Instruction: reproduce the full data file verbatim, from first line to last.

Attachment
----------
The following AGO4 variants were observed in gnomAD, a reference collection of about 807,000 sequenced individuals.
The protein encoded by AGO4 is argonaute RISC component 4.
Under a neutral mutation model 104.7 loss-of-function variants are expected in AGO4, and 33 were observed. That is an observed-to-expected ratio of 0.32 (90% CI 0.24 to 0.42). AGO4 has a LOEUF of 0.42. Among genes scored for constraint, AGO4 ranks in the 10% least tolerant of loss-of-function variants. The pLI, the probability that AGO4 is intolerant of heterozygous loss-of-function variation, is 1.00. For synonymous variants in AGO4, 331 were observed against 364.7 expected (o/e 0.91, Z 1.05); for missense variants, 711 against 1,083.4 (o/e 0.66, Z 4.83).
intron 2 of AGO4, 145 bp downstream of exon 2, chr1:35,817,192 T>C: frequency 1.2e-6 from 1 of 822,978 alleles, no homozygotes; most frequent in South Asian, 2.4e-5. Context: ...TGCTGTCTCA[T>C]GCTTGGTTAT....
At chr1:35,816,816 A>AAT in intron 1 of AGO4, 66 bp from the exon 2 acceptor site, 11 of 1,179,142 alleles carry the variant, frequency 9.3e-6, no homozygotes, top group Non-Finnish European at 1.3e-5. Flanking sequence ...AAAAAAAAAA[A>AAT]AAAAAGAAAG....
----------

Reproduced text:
The following AGO4 variants were observed in gnomAD, a reference collection of about 807,000 sequenced individuals.
The protein encoded by AGO4 is argonaute RISC component 4.
Under a neutral mutation model 104.7 loss-of-function variants are expected in AGO4, and 33 were observed. That is an observed-to-expected ratio of 0.32 (90% CI 0.24 to 0.42). AGO4 has a LOEUF of 0.42. Among genes scored for constraint, AGO4 ranks in the 10% least tolerant of loss-of-function variants. The pLI, the probability that AGO4 is intolerant of heterozygous loss-of-function variation, is 1.00. For synonymous variants in AGO4, 331 were observed against 364.7 expected (o/e 0.91, Z 1.05); for missense variants, 711 against 1,083.4 (o/e 0.66, Z 4.83).
intron 2 of AGO4, 145 bp downstream of exon 2, chr1:35,817,192 T>C: frequency 1.2e-6 from 1 of 822,978 alleles, no homozygotes; most frequent in South Asian, 2.4e-5. Context: ...TGCTGTCTCA[T>C]GCTTGGTTAT....
At chr1:35,816,816 A>AAT in intron 1 of AGO4, 66 bp from the exon 2 acceptor site, 11 of 1,179,142 alleles carry the variant, frequency 9.3e-6, no homozygotes, top group Non-Finnish European at 1.3e-5. Flanking sequence ...AAAAAAAAAA[A>AAT]AAAAAGAAAG....